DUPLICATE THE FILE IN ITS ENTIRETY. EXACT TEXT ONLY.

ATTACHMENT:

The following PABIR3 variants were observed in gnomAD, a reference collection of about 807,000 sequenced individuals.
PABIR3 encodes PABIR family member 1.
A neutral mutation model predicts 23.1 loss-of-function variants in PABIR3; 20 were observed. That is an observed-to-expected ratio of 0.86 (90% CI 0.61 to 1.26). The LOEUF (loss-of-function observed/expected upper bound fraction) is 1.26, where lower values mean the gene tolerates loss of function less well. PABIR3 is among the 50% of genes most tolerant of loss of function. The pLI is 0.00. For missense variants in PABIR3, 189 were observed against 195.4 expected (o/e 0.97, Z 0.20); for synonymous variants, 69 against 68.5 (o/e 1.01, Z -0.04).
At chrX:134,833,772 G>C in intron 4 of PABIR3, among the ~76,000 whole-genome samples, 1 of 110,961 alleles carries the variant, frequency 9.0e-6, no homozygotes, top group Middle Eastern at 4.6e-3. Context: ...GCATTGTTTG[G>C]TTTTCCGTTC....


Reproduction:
The following PABIR3 variants were observed in gnomAD, a reference collection of about 807,000 sequenced individuals.
PABIR3 encodes PABIR family member 1.
A neutral mutation model predicts 23.1 loss-of-function variants in PABIR3; 20 were observed. That is an observed-to-expected ratio of 0.86 (90% CI 0.61 to 1.26). The LOEUF (loss-of-function observed/expected upper bound fraction) is 1.26, where lower values mean the gene tolerates loss of function less well. PABIR3 is among the 50% of genes most tolerant of loss of function. The pLI is 0.00. For missense variants in PABIR3, 189 were observed against 195.4 expected (o/e 0.97, Z 0.20); for synonymous variants, 69 against 68.5 (o/e 1.01, Z -0.04).
At chrX:134,833,772 G>C in intron 4 of PABIR3, among the ~76,000 whole-genome samples, 1 of 110,961 alleles carries the variant, frequency 9.0e-6, no homozygotes, top group Middle Eastern at 4.6e-3. Context: ...GCATTGTTTG[G>C]TTTTCCGTTC....